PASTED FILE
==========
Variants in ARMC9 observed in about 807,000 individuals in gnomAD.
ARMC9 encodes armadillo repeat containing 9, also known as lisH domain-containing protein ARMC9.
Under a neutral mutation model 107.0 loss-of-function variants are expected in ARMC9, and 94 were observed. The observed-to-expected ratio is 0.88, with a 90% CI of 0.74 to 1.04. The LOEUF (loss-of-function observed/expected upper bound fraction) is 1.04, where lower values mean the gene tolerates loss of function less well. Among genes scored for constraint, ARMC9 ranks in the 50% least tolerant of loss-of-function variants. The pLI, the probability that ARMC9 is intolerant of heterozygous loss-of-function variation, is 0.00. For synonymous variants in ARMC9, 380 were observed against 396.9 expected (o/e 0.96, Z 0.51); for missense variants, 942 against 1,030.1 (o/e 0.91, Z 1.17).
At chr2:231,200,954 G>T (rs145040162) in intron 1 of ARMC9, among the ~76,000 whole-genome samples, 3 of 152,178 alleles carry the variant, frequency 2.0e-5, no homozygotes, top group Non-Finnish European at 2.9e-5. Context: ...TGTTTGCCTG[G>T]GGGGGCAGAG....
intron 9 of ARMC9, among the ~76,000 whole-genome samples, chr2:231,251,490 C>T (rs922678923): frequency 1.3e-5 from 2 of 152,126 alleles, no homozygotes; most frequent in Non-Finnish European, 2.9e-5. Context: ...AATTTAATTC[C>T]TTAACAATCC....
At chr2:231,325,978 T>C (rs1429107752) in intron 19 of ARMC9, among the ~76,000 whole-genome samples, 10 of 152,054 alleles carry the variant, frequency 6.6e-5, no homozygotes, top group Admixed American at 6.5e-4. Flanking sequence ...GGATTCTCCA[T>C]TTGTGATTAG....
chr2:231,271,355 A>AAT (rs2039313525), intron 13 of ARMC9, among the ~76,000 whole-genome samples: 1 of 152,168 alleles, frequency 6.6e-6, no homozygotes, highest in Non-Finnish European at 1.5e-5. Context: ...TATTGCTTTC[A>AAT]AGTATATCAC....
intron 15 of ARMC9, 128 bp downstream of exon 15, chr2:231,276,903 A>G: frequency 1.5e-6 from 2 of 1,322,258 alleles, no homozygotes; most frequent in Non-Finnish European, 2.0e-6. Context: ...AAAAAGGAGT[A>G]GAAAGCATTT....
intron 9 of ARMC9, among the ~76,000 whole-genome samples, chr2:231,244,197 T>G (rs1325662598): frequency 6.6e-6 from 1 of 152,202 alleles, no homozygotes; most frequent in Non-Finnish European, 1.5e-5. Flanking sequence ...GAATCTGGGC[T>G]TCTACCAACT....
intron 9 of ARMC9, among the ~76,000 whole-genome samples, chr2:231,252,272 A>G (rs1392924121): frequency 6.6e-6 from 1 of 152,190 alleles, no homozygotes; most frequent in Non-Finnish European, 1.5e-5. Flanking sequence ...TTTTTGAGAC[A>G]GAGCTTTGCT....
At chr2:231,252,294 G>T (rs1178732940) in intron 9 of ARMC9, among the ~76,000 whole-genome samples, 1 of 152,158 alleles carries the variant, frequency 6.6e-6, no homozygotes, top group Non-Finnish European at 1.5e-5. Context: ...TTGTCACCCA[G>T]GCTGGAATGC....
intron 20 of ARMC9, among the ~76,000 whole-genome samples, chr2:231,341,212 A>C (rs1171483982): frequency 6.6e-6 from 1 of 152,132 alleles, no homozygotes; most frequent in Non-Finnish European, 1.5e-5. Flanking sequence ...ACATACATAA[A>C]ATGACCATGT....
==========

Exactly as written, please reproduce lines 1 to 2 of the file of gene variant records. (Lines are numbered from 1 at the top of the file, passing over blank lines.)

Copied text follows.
Variants in ARMC9 observed in about 807,000 individuals in gnomAD.
ARMC9 encodes armadillo repeat containing 9, also known as lisH domain-containing protein ARMC9.